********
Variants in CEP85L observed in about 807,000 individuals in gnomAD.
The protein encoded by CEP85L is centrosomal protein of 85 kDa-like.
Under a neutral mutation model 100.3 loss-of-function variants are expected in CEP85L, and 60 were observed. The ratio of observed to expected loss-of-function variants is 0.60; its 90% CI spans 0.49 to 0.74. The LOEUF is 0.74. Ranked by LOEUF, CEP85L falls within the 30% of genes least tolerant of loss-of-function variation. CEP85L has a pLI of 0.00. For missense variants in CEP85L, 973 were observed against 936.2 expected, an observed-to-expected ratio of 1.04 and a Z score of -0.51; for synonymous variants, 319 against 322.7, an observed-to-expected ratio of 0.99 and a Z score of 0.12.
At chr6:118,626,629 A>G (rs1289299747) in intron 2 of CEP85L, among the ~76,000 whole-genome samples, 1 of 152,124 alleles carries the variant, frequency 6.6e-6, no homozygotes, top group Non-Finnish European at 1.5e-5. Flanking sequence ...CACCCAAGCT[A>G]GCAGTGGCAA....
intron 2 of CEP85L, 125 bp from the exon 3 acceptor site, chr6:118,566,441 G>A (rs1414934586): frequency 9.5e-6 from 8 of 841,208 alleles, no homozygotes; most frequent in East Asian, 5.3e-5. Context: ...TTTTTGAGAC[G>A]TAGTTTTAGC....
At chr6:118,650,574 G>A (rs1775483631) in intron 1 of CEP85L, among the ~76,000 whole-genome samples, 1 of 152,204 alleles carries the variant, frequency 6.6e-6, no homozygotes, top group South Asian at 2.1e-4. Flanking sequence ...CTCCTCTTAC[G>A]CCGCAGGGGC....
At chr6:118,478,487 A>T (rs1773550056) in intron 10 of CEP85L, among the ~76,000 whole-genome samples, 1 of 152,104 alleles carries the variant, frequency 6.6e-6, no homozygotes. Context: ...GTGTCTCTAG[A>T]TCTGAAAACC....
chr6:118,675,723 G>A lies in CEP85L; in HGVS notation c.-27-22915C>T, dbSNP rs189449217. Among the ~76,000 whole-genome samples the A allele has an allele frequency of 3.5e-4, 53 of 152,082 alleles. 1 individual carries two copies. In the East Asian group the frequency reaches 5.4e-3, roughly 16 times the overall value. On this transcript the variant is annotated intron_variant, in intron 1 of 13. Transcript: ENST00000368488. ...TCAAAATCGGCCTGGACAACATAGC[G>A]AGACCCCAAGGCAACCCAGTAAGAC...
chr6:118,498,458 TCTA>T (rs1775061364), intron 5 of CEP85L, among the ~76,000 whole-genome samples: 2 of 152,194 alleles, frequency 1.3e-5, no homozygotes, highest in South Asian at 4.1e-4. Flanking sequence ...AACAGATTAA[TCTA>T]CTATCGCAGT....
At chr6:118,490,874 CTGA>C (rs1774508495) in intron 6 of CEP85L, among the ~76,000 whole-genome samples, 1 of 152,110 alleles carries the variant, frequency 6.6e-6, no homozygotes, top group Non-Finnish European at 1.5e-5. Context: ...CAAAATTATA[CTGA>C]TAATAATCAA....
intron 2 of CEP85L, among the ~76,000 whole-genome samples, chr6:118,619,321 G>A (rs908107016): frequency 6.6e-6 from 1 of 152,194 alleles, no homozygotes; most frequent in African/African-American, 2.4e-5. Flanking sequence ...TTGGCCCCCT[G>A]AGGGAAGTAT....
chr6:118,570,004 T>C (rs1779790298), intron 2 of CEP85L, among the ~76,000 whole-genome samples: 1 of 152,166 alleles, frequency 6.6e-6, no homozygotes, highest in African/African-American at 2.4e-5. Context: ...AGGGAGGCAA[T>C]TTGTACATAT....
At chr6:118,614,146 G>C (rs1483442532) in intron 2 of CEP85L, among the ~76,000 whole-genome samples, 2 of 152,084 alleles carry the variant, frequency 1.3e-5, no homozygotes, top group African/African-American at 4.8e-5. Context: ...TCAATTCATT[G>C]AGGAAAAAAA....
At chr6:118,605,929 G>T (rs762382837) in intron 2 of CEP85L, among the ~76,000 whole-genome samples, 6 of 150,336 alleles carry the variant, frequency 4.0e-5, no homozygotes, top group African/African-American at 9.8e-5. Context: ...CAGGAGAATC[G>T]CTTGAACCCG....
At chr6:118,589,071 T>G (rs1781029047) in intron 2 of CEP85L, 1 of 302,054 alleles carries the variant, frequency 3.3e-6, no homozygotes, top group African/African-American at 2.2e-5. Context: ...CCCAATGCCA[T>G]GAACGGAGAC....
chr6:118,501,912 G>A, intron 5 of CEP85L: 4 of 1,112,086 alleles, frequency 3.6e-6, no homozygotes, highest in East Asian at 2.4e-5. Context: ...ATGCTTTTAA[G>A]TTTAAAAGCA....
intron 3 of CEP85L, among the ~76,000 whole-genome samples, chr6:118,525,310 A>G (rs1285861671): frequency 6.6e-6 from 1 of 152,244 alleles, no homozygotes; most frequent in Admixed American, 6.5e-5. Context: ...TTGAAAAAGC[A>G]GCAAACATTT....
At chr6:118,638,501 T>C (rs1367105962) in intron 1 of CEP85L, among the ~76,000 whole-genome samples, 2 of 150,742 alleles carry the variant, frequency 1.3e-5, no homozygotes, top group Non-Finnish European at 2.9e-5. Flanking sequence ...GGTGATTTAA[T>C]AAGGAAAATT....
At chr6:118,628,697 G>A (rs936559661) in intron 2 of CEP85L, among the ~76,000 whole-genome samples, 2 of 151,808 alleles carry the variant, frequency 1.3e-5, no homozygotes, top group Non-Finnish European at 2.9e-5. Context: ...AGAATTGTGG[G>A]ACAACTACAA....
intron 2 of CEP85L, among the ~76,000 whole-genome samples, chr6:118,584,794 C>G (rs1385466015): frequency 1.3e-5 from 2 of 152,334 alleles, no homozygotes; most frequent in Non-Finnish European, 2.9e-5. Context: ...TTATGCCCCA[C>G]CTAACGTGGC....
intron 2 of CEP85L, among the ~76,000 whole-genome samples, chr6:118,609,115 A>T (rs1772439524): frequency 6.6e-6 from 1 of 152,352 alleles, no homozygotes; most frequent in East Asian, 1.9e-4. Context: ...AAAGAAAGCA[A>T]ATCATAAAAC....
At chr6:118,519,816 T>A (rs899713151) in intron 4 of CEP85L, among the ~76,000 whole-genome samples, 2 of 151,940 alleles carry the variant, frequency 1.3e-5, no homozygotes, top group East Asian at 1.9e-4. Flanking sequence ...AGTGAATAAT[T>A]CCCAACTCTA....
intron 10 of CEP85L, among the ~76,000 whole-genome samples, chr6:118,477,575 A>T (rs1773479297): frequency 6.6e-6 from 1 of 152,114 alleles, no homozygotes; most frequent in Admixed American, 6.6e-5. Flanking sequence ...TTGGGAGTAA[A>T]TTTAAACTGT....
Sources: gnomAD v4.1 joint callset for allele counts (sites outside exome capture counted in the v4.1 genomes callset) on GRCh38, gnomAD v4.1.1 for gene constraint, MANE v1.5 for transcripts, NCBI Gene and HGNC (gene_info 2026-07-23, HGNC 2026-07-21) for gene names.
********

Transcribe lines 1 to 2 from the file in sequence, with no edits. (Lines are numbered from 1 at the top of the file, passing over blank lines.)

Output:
Variants in CEP85L observed in about 807,000 individuals in gnomAD.
The protein encoded by CEP85L is centrosomal protein of 85 kDa-like.